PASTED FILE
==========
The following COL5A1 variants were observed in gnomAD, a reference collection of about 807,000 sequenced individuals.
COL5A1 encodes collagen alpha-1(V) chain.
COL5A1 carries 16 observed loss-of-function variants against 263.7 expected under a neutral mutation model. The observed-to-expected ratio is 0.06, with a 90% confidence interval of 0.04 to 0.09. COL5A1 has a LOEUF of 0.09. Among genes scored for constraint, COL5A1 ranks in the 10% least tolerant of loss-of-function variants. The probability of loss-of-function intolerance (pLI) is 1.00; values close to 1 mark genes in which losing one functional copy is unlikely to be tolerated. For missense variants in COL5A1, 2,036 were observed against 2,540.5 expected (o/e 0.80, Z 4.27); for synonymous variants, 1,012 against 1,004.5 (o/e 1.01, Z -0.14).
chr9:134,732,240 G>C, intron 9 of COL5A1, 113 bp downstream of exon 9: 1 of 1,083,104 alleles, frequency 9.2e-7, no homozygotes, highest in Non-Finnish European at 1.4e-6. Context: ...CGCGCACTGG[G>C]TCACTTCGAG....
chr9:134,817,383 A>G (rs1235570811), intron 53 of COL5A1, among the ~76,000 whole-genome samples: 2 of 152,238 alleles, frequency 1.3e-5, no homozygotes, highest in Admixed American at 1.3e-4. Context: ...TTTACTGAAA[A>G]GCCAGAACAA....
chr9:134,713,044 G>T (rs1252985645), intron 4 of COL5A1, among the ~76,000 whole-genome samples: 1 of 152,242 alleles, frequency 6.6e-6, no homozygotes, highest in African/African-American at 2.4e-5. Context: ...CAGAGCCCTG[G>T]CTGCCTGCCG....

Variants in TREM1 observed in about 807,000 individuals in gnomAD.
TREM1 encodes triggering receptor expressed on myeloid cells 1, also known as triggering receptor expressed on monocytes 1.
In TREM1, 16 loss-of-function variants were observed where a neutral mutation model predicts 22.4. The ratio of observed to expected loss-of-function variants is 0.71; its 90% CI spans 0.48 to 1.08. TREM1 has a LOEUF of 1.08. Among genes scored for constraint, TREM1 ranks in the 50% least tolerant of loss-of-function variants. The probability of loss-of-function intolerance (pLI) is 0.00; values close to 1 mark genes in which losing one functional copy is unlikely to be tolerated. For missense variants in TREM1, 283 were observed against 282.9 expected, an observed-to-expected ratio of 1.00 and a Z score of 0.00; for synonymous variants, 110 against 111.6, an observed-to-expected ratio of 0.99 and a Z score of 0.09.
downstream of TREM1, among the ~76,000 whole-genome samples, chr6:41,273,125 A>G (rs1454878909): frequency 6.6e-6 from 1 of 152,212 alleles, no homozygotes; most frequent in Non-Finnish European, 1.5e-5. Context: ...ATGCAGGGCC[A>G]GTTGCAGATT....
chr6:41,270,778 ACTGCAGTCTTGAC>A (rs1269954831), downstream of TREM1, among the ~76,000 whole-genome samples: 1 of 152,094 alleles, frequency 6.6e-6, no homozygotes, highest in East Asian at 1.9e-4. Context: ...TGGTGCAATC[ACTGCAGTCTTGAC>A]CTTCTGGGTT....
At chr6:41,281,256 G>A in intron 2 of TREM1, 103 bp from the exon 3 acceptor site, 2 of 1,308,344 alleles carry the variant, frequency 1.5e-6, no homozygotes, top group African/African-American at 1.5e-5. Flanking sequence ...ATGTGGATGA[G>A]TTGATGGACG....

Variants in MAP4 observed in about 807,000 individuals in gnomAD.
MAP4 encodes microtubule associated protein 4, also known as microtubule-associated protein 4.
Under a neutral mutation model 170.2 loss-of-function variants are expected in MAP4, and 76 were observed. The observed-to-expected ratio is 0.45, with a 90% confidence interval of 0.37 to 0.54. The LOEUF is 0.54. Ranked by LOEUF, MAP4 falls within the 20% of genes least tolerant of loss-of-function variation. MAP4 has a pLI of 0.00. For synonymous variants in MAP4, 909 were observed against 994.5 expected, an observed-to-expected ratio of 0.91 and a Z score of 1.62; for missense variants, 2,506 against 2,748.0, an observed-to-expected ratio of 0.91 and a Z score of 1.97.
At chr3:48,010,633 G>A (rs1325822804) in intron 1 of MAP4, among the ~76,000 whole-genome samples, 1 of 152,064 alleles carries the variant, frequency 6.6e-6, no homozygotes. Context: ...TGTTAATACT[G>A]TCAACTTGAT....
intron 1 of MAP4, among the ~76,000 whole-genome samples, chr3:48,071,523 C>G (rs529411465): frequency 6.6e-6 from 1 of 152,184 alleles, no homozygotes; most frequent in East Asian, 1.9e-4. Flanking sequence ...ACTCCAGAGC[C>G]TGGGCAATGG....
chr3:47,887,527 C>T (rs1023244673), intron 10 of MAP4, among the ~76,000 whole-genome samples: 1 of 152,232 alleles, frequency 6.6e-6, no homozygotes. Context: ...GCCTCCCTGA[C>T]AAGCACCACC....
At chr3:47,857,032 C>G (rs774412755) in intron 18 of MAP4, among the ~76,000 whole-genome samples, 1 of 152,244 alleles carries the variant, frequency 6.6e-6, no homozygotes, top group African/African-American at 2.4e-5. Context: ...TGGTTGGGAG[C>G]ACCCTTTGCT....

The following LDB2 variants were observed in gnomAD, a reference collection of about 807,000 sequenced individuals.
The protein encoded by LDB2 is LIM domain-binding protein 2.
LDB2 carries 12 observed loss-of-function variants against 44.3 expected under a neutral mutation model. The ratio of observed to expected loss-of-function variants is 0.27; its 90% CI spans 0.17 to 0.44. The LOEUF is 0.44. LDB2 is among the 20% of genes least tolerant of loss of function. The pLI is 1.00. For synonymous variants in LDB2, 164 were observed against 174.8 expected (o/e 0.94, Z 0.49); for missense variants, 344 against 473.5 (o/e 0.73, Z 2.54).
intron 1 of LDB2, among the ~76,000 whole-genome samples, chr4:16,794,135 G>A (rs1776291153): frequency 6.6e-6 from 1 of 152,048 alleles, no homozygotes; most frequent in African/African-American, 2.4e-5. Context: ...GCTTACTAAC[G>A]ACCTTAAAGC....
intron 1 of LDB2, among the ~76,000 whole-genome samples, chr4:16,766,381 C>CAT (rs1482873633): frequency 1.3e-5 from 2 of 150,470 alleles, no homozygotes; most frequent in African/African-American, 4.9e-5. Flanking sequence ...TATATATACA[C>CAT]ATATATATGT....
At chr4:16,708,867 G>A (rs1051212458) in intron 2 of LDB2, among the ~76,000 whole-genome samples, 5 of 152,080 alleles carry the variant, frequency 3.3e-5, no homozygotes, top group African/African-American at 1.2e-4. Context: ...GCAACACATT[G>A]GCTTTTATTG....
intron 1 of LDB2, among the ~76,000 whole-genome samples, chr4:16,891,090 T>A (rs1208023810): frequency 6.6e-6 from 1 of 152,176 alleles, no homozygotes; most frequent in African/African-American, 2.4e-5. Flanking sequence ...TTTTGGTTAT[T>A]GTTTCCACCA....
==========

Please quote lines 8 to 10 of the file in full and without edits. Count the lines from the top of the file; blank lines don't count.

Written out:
TREM1 encodes triggering receptor expressed on myeloid cells 1, also known as triggering receptor expressed on monocytes 1.
In TREM1, 16 loss-of-function variants were observed where a neutral mutation model predicts 22.4. The ratio of observed to expected loss-of-function variants is 0.71; its 90% CI spans 0.48 to 1.08. TREM1 has a LOEUF of 1.08. Among genes scored for constraint, TREM1 ranks in the 50% least tolerant of loss-of-function variants. The probability of loss-of-function intolerance (pLI) is 0.00; values close to 1 mark genes in which losing one functional copy is unlikely to be tolerated. For missense variants in TREM1, 283 were observed against 282.9 expected, an observed-to-expected ratio of 1.00 and a Z score of 0.00; for synonymous variants, 110 against 111.6, an observed-to-expected ratio of 0.99 and a Z score of 0.09.
downstream of TREM1, among the ~76,000 whole-genome samples, chr6:41,273,125 A>G (rs1454878909): frequency 6.6e-6 from 1 of 152,212 alleles, no homozygotes; most frequent in Non-Finnish European, 1.5e-5. Context: ...ATGCAGGGCC[A>G]GTTGCAGATT....